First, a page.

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The discussion and analysis presented after these translated stanzas is our opinion.  Read the translations for yourself and our analysis, but also seek out varied sources and come to your own conclusions.


STANZA 27 OF THE HAVAMAL

Auden & Taylor:

The ignorant booby had best be silent
When he moves among other men,
No one will know what a nit-wit he is
Until he begins to talk;
No one knows less what a nit-wit he is
Than the man who talks too much.

Bellows:

A witless man, | when he meets with men,
Had best in silence abide;
For no one shall find | that nothing he knows,
If his mouth is not open too much.
(But a man knows not, | if nothing he knows,
When his mouth has been open too much.)

Bellow's Note:  The last two lines were probably added as a commentary on lines 3 and 4.

Bray:

For the unwise man 'tis best to be mute
when he come amid the crowd,
for none is aware of his lack of wit
if he wastes not too many words;
for he who lacks wit shall never learn
though his words flow ne'er so fast.

Chisholm:

When the fool fares among folk
it is best he stay quiet.
No one knows that he knows nothing
unless he talks too much.

Hollander:

The unwise man amongst others who comes,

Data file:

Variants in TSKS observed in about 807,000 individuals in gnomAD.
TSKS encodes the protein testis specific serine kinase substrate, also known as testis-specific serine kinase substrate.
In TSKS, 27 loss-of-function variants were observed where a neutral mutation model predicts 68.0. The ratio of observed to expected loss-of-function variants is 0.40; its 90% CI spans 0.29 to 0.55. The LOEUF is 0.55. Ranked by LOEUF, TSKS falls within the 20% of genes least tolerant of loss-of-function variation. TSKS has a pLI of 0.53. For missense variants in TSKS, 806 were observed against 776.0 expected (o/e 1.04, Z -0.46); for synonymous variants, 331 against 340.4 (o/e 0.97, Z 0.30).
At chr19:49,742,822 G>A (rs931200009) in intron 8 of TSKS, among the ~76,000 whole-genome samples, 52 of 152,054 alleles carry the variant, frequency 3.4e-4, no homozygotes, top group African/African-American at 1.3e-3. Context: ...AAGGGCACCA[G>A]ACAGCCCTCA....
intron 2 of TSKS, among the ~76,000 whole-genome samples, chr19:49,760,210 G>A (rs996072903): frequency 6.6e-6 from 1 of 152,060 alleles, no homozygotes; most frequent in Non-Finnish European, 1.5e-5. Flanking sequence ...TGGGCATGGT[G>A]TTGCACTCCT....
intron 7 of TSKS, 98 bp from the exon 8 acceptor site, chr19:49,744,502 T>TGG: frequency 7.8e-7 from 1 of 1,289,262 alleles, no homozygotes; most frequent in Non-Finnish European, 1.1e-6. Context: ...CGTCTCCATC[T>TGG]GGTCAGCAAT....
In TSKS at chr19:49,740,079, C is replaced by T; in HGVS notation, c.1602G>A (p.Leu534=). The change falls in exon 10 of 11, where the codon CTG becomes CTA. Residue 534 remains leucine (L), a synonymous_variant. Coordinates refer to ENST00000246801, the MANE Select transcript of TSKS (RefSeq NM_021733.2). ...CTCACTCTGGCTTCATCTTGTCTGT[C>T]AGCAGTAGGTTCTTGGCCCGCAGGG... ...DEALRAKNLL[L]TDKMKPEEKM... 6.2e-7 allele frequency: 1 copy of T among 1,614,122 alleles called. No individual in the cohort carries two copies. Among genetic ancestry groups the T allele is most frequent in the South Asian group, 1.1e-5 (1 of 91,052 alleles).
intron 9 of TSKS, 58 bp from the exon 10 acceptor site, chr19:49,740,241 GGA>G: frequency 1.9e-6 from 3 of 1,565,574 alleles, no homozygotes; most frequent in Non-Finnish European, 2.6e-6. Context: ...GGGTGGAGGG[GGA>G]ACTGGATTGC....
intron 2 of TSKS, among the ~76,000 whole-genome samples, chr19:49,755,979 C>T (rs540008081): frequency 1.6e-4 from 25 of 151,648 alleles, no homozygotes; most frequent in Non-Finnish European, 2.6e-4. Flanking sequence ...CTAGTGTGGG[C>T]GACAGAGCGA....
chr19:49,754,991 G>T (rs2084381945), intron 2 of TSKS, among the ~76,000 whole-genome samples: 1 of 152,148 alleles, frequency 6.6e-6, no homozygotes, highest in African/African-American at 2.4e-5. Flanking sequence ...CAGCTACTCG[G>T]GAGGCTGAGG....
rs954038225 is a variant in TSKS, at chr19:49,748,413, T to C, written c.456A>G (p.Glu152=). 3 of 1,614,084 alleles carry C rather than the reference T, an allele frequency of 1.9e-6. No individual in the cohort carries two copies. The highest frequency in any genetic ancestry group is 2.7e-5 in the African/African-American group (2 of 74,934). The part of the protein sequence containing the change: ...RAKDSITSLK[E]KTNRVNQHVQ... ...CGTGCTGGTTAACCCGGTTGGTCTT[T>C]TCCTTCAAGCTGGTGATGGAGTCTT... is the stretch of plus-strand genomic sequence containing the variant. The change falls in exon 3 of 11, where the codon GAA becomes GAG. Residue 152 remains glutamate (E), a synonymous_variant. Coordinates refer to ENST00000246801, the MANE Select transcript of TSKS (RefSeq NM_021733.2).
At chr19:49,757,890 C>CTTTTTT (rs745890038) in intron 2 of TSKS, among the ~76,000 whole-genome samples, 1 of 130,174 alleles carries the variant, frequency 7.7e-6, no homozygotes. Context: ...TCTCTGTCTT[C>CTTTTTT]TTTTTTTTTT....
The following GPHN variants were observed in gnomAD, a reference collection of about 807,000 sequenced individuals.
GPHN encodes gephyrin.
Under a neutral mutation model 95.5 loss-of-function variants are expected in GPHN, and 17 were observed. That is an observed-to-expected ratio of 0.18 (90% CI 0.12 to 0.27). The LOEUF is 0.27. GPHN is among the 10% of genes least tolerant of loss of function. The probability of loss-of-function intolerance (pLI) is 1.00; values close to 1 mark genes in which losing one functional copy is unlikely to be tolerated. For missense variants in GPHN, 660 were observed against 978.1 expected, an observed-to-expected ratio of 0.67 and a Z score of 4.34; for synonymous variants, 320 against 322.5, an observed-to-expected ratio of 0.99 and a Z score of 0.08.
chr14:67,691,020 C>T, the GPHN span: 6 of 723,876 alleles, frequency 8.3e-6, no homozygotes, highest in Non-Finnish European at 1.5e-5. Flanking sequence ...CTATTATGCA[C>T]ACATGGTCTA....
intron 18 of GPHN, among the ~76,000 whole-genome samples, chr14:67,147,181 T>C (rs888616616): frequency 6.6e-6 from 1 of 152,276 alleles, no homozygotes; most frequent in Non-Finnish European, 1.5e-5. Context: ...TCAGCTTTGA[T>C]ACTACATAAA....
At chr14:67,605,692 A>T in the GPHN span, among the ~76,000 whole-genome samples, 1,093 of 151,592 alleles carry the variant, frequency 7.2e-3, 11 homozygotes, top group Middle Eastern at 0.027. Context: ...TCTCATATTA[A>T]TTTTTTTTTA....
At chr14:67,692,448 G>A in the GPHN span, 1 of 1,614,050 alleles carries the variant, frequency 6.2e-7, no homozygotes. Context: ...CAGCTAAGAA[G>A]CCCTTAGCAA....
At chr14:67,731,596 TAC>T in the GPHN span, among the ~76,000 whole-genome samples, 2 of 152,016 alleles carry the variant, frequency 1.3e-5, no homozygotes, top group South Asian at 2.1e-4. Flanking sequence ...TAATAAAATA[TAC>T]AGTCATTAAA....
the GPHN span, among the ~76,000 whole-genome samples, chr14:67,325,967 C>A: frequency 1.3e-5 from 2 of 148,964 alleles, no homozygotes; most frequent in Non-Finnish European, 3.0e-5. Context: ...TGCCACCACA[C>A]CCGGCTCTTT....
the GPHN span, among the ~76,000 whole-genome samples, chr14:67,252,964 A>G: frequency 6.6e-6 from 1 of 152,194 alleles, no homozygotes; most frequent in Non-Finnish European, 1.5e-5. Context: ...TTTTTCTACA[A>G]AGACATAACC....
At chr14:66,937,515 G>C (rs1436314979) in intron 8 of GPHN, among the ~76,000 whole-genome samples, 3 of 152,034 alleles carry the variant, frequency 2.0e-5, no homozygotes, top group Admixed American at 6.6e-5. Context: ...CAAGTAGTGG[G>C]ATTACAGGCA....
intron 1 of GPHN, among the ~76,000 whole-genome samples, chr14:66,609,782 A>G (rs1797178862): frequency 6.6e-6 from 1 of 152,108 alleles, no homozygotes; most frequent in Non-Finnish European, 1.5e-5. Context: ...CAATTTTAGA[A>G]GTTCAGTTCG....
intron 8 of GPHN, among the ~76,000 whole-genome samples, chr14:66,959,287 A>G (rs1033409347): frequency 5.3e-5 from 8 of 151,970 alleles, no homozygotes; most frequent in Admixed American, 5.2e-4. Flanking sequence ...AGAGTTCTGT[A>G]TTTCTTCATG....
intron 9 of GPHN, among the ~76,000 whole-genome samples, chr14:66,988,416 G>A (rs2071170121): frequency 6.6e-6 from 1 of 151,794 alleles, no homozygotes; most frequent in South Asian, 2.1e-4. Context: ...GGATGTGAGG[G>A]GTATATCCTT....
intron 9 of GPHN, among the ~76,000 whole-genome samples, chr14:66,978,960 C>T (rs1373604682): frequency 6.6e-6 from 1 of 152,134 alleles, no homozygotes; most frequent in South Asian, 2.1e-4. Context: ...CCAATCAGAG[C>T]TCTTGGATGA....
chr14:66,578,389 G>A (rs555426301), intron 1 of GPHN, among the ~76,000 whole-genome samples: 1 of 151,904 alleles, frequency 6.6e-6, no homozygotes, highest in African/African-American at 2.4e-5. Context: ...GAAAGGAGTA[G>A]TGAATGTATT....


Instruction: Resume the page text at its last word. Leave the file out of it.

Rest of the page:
let him be sparing of speech;
for no one knows that naught is in him,
but he opens his mouth too much.

Terry:

When a stupid man comes into company
he'd better be silent;
no one will notice that he knows nothing
unless he talks a lot.
(And if he talks to men of like talent
it's safe for him to speak.)

Thorpe:

A foolish man,
who among people comes,
had best be silent;
for no one knows
that he knows nothing,
unless he talks to much.
He who previously knew nothing
will still know nothing
talk he ever so much.


DISCUSSION AND ANALYSIS OF STANZA 27

Lines 1 and 2 express the idea that a foolish or witless man is better off just shutting up and being silent when he is among other people.

Lines 3 and 4 go further and explain that no one will know the fool is a fool, or that the witless man is witless, unless he opens his mouth and shows them with his words how foolish he is.

Bellows not suggests that lines 5 and 6 were a later addition, probably added by a skald wanting to add further explanation to lines 3 and 4.  And we can see that some of the translators choose to leave lines 5 and 6 off altogether.

Lines 5 and 6 are translated here many different ways here.  I prefer Auden and Taylors suggestion that the man who talks too much, is exactly the guy who is clueless about how big a fool he is.  Some of the other translations sort of suggest that talking a bunch doesn't make you any smarter, and a couple of the translations are pretty convoluted.  It makes me think that lines 5 and 6 in the Old Norse must have been difficult to translate into English...or that they were one of those Old Norse sayings that just has no real parallel in English.  But, who knows?  Not me.  I don't know Old Norse. 

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